Defence analysts are busy demystifying the defence budget presented by the Finance Minister in his budget presentation to the Parliament on February 1, 2017. We are using the term ÒdemystifyingÓthe budget because the government functionaries take a vicarious pleasure to so position the - one who wishes to analyse the defence budget has to go through derive any meaningful deduction. Perhaps this is the reason that our parliamentarians are unable to discuss the defence budget and the expenditure of ₹ 2,74,114 crore (approximately $42 billion) of the taxpayers money. The total defence budget of ₹ 2,74,114 crore is 1.63 per cent of the gross domestic product (GDP) and 12.77 per cent of the Central Government expenditure (CGE) without counting the defence pension.
Notwithstanding the above facts, this yearÕs defence budget is once again woefully inadequate for the type of replacements of weapons/modernisation required by the three Services. Currently in this editorial we are concerning ourselves mainly with the ArmyÕs requirements. These range from the lowest category of weapons (personal weapons) in the hierarchy of weapons which is the as battle carbine to the crew served weapons such as the anti-tank guided missiles, artillery howitzers (towed, truck mounted and self-propelled) air defence weap - siles and surface-to-air missiles).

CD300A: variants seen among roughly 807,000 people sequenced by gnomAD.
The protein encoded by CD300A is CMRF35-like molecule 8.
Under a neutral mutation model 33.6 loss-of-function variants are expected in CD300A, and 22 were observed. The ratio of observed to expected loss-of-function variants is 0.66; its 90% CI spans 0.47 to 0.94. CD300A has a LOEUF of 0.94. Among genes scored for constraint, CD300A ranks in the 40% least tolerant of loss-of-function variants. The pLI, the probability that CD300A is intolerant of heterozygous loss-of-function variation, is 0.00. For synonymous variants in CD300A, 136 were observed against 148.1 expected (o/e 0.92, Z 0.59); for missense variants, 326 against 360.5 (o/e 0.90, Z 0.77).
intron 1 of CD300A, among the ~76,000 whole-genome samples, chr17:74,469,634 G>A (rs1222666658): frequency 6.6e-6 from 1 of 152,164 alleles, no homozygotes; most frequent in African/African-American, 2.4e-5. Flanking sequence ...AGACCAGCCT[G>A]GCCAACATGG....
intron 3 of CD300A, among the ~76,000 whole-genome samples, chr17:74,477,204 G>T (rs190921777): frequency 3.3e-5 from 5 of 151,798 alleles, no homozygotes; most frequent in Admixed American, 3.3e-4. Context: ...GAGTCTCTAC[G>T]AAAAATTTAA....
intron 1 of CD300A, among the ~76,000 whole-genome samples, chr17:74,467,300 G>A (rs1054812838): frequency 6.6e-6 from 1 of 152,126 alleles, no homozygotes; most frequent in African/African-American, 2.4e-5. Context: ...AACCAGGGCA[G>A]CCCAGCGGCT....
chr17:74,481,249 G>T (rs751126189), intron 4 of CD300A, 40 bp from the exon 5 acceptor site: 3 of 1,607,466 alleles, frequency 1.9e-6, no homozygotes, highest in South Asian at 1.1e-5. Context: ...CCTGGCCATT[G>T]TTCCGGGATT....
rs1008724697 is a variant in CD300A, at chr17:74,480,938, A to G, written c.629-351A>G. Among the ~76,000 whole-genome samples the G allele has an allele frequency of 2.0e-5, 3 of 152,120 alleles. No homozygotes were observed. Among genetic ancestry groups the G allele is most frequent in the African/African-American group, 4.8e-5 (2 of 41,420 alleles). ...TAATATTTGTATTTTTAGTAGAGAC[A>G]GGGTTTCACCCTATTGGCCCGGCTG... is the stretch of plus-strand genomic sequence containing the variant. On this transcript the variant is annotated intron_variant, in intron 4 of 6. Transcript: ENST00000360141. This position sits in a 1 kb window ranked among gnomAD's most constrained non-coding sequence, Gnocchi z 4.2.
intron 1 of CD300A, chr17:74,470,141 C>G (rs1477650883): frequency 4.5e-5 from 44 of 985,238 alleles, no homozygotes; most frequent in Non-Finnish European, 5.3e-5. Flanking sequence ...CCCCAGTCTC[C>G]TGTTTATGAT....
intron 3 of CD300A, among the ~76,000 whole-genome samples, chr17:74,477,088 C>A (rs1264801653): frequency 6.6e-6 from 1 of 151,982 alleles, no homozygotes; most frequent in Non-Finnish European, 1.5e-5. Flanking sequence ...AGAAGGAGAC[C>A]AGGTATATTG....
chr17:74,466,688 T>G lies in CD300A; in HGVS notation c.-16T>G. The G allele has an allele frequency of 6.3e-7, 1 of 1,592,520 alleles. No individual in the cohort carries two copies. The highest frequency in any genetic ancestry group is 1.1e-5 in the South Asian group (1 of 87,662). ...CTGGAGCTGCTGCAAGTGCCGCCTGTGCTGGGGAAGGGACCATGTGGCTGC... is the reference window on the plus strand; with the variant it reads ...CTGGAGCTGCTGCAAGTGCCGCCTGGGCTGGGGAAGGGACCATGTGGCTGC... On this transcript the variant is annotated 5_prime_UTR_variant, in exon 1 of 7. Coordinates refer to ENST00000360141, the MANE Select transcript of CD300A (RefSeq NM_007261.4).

Obsolescence of the weapons held by the army and the existing voids in infantry combat vehicles and battle tanks and the poor upgradation status is an ongoing story which is repeated every year. Last but not the least is the extremely poor state of which needs complete replacement of nearly 200 obsolete Cheeta and Chetak helicopters. The gravity of the situation can be gauged by the fact that even - ing these machines had met the Defence Minister to express their fears and apprehensions regarding the safety of their husbands.
From time to time our Chiefs and political leaders remind us that they take pains to put the nation at ease by stating that we are ready for all eventualities. Should the people not be told the truth about our potential to undertake defensive and offensive military opera- tions, with the existing high degree of obsolescence in our weaponry?
Many among us seem to feel that the region being nuclearised we do not need to worry about conventional military operations. If that be so why are we still keeping such large armed forces which we can ill afford to maintain. In fact a 40 division army, a 44 squadron air force and a 150 ship navy cannot be maintained on 1.63 per cent of the GDP and thus maintenance and modernisation of such a large force with this allocation is not possible.
On the other hand, there are other equally competent military analysts who say that in view of unresolved borders we not only need to look after our western, northern and eastern frontiers but we also need a separate force to cater for insurgencies, terrorism and proxy wars which would present a simultaneous challenge and this implies not just two-front but two-and-a-half-front capabil- ity. The latter capability (half-front) is for the asymmetric wars mentioned above which would have to be fought simultaneously. So if the latter are to be believed then where do we stand today?
Our analysis is that as pres two-front war against our potential adversaries. This should be of serious concern for the government. It is high time that the government took a complete review of our defence capabilities and current security doctrines and take appropriate measures to protect national interests.
Please visit SP Guide Publications at Hall AB (AB3.46) during Aero India at Bengaluru from February 14-18, 2017.
Lt General V.K. Kapoor (Retd)